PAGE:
Business flying is definitely up, and so are fuel prices. But, at least so far, aircraft operators aren’t protesting at the pump too bitterly about what they’re paying for jet-A.
The economy is emerging from the soup not with the sudden clarity of a westbound flight through the shattered remnants of a cold front, but more as if it were groping its way through the patchy passing of a stubborn warm front. Against this backdrop, business aviation met in Geneva, Switzerland, and dared to hope that the improvement is durable enough to mark a sustained upswing in the economic cycle.
After selling what it claims is 2,100 Eclipse 500s at between $837,500 and $950,000 apiece, Eclipse Aviation has increased the price on new orders for its very light twinjet to $1.175 million (all prices in June 2000 dollars). First flight of the six-seat aircraft powered by its intended production engine–a pair of 900-pound-thrust Pratt & Whitney Canada PW610F turbofans–is scheduled for December 31.
The regional NBAA forum at West Palm Beach International (PBI), Fla., on March 10 served a slice of business aviation with complex ingredients. Fractional ownership has added occupants to the back of the cabin without always expanding the industry pie.
Eclipse is challenging its competitors to post as detailed an aircraft development tracking progress as has been introduced online for the Eclipse 500 very light jet. The Albuquerque, N.M. company’s “Track Our Progress” feature at www.eclipseaviation.com lists more than 200 tasks and milestones leading to FAA certification in early 2006 and European certification in late 2006.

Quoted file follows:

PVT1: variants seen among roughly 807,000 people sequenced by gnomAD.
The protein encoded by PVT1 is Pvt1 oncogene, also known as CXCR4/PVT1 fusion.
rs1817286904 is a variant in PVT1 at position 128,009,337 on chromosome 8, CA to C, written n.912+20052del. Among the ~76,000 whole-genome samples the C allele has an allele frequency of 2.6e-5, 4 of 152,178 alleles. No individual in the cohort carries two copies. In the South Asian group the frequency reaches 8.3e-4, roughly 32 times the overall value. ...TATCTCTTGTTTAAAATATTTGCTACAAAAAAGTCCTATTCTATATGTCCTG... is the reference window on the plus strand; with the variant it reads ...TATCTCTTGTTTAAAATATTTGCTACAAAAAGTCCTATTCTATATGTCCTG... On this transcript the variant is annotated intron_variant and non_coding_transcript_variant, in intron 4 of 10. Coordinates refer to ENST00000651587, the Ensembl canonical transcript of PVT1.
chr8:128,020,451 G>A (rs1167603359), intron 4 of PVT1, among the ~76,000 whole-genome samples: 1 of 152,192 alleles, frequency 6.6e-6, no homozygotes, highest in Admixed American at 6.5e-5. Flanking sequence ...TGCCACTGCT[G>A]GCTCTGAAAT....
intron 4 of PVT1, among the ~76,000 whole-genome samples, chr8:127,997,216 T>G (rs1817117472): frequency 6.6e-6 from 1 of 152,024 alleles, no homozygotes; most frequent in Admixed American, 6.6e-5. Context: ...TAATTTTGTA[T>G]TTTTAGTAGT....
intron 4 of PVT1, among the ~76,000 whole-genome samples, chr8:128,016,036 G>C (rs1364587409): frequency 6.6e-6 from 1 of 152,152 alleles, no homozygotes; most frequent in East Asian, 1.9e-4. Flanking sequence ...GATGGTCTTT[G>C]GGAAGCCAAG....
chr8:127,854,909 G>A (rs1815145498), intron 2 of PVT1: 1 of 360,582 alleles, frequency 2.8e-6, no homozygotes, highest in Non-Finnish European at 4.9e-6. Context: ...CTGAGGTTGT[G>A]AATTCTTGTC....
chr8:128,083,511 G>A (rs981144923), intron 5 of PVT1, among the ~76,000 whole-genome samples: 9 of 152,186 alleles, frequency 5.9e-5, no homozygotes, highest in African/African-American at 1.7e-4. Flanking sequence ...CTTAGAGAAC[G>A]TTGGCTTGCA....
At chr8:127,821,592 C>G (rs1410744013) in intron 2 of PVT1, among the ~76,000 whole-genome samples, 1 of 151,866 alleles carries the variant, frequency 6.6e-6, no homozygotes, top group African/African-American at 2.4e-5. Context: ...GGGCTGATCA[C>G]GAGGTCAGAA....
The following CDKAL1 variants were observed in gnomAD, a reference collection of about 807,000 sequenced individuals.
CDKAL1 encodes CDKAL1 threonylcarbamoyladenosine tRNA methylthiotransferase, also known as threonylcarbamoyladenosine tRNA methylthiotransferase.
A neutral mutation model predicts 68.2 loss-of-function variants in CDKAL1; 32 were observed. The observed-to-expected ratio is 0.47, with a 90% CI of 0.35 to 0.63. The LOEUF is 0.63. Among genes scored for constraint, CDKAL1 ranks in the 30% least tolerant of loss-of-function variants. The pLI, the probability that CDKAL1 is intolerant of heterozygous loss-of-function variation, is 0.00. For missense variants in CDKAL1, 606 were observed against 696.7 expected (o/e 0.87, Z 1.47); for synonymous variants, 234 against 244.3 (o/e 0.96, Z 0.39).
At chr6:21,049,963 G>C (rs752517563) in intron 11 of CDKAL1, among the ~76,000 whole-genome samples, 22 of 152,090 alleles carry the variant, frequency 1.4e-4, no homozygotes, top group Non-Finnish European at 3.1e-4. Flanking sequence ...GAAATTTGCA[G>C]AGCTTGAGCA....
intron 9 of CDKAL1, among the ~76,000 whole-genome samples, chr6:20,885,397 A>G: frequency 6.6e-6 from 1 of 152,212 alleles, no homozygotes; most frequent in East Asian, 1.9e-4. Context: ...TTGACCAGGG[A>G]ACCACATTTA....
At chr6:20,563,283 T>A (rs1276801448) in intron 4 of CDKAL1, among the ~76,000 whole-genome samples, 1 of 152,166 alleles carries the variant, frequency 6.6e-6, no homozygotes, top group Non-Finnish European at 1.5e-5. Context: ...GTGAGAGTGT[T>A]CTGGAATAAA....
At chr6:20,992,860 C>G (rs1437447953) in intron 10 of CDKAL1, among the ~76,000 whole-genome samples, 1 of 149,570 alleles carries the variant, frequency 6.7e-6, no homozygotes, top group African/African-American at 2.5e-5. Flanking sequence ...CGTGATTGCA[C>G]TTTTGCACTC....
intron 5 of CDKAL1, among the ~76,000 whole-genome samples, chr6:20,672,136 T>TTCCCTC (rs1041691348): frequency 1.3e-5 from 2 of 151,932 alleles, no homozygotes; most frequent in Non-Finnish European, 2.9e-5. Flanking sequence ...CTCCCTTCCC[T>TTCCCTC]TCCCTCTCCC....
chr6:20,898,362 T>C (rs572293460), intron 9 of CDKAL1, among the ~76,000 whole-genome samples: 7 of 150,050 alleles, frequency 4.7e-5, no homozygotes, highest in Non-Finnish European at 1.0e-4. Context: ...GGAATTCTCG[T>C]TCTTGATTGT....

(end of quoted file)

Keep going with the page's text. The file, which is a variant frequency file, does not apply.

New Mexico’s license plates proclaim it to be the “Land of Enchantment.” And a growing number of business aircraft manufacturers are enchanted with New Mexico’s efforts toward becoming an “aviation cluster” of airframe manufacturers and supporting businesses.
Eclipse Aviation is committed to becoming, in the words of its founder, president and CEO, Vern Raburn, “The Ford Motor Company of business aviation.” To that end, it plans to attain an annual production capacity of 1,500 Eclipse 500 very light jets by 2009, using advances in production technology reminiscent of the mass-production assembly line and interchangeable parts innovations with which Henry Ford revolutionized the automobile industry
Only time will tell if Eclipse Aviation’s decision to sever ties with Avidyne and bring in a new team of avionics suppliers for the Eclipse 500 will satisfy buyers, but an early glimpse of what’s coming to the VLJ’s front office looks promising.
The business and corporate side of general aviation should continue to benefit from a growing market for new microjets over the next 14 fiscal years, and the FAA expects business use of GA aircraft to expand at a more rapid pace than that for personal and sport use.
Given their current predicaments, Eclipse Aviation and Sino Swearingen share some similarities. Both start-up OEMs have found the money and overcome the adversity to earn type certificates for their jets despite major setbacks and industry naysayers.